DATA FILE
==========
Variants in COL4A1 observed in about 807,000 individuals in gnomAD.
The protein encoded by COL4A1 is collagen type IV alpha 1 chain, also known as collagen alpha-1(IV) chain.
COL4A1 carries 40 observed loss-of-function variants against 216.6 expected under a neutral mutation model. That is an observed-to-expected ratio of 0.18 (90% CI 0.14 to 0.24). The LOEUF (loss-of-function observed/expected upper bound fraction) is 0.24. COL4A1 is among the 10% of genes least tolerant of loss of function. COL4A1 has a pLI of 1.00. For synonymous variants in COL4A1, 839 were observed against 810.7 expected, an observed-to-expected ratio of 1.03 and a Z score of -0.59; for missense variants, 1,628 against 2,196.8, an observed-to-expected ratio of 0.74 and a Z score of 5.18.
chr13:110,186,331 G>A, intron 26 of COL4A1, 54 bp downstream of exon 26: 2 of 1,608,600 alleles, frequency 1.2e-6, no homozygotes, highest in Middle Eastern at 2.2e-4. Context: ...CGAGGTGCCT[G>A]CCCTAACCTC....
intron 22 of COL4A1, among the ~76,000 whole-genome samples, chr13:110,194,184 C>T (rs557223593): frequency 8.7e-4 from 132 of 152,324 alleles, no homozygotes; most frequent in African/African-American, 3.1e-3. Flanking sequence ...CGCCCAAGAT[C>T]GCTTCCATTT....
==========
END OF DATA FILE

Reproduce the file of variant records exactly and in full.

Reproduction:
Variants in COL4A1 observed in about 807,000 individuals in gnomAD.
The protein encoded by COL4A1 is collagen type IV alpha 1 chain, also known as collagen alpha-1(IV) chain.
COL4A1 carries 40 observed loss-of-function variants against 216.6 expected under a neutral mutation model. That is an observed-to-expected ratio of 0.18 (90% CI 0.14 to 0.24). The LOEUF (loss-of-function observed/expected upper bound fraction) is 0.24. COL4A1 is among the 10% of genes least tolerant of loss of function. COL4A1 has a pLI of 1.00. For synonymous variants in COL4A1, 839 were observed against 810.7 expected, an observed-to-expected ratio of 1.03 and a Z score of -0.59; for missense variants, 1,628 against 2,196.8, an observed-to-expected ratio of 0.74 and a Z score of 5.18.
chr13:110,186,331 G>A, intron 26 of COL4A1, 54 bp downstream of exon 26: 2 of 1,608,600 alleles, frequency 1.2e-6, no homozygotes, highest in Middle Eastern at 2.2e-4. Context: ...CGAGGTGCCT[G>A]CCCTAACCTC....
intron 22 of COL4A1, among the ~76,000 whole-genome samples, chr13:110,194,184 C>T (rs557223593): frequency 8.7e-4 from 132 of 152,324 alleles, no homozygotes; most frequent in African/African-American, 3.1e-3. Flanking sequence ...CGCCCAAGAT[C>T]GCTTCCATTT....